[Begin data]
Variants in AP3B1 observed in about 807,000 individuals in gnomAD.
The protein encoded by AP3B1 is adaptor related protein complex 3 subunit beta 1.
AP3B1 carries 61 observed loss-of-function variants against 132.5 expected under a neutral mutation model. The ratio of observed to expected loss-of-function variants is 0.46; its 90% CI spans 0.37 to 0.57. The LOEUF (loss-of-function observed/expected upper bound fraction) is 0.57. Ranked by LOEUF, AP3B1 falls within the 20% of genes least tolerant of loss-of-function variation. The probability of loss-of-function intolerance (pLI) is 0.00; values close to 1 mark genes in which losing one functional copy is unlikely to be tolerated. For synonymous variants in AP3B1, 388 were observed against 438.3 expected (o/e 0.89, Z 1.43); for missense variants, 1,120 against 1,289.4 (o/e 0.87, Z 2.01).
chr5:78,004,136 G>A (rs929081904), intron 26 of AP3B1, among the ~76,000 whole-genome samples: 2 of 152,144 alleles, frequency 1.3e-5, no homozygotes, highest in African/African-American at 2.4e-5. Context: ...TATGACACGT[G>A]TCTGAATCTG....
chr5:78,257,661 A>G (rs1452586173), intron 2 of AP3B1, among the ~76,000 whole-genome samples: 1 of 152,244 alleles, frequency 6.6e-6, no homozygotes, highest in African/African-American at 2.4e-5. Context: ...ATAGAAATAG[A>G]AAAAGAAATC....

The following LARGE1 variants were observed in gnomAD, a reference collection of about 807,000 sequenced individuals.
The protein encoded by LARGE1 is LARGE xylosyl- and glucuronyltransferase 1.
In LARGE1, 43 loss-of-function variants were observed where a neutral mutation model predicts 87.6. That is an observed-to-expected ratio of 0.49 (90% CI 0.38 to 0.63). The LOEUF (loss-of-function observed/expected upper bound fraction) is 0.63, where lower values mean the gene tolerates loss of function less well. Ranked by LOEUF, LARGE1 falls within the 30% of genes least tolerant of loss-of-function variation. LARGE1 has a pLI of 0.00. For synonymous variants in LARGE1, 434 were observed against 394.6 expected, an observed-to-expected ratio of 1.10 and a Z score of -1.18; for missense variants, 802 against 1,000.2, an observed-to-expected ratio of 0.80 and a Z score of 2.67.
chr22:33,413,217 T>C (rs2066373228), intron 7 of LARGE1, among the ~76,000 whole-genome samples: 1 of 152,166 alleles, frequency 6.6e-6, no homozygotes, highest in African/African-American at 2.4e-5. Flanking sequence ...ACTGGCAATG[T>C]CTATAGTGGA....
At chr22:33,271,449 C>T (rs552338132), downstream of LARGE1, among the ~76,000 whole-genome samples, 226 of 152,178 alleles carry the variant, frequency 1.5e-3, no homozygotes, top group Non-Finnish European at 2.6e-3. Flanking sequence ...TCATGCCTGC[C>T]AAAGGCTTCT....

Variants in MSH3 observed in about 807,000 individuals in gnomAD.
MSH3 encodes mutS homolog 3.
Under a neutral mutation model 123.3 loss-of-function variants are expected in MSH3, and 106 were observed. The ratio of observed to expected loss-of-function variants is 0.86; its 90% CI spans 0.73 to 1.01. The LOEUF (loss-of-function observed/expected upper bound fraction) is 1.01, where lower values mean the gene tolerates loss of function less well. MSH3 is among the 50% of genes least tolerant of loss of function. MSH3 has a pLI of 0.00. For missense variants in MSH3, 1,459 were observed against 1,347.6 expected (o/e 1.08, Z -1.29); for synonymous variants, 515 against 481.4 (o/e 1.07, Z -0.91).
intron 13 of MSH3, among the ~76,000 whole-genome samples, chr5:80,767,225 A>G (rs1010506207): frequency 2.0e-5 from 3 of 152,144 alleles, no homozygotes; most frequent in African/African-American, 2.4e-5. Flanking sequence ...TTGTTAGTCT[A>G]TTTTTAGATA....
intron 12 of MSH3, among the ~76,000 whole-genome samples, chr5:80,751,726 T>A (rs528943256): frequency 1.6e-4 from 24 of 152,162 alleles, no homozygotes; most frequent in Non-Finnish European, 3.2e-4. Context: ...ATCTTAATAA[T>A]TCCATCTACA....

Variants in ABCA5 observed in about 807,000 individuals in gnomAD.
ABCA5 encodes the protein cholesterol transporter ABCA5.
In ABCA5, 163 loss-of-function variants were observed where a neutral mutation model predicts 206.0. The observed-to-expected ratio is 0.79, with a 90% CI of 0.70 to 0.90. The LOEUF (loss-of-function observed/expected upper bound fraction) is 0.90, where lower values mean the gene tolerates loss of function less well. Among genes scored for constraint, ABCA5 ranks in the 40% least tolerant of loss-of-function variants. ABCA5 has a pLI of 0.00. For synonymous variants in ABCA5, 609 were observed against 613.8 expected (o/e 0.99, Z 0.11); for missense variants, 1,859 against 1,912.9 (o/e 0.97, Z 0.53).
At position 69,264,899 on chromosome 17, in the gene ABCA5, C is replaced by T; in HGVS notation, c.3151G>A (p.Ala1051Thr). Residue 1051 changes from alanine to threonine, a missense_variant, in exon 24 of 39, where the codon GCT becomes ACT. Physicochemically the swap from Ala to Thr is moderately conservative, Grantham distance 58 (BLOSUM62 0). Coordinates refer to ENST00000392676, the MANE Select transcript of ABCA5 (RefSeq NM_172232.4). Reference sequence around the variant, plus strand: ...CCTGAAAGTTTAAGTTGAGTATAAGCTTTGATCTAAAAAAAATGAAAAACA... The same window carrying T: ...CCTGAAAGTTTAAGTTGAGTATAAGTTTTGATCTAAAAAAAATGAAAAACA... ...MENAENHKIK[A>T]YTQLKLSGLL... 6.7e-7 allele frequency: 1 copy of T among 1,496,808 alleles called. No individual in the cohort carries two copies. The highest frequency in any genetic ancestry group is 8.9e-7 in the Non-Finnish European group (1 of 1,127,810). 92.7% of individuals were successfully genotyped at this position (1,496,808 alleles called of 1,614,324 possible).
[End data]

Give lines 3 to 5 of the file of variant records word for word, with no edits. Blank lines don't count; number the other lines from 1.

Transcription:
AP3B1 carries 61 observed loss-of-function variants against 132.5 expected under a neutral mutation model. The ratio of observed to expected loss-of-function variants is 0.46; its 90% CI spans 0.37 to 0.57. The LOEUF (loss-of-function observed/expected upper bound fraction) is 0.57. Ranked by LOEUF, AP3B1 falls within the 20% of genes least tolerant of loss-of-function variation. The probability of loss-of-function intolerance (pLI) is 0.00; values close to 1 mark genes in which losing one functional copy is unlikely to be tolerated. For synonymous variants in AP3B1, 388 were observed against 438.3 expected (o/e 0.89, Z 1.43); for missense variants, 1,120 against 1,289.4 (o/e 0.87, Z 2.01).
chr5:78,004,136 G>A (rs929081904), intron 26 of AP3B1, among the ~76,000 whole-genome samples: 2 of 152,144 alleles, frequency 1.3e-5, no homozygotes, highest in African/African-American at 2.4e-5. Context: ...TATGACACGT[G>A]TCTGAATCTG....
chr5:78,257,661 A>G (rs1452586173), intron 2 of AP3B1, among the ~76,000 whole-genome samples: 1 of 152,244 alleles, frequency 6.6e-6, no homozygotes, highest in African/African-American at 2.4e-5. Context: ...ATAGAAATAG[A>G]AAAAGAAATC....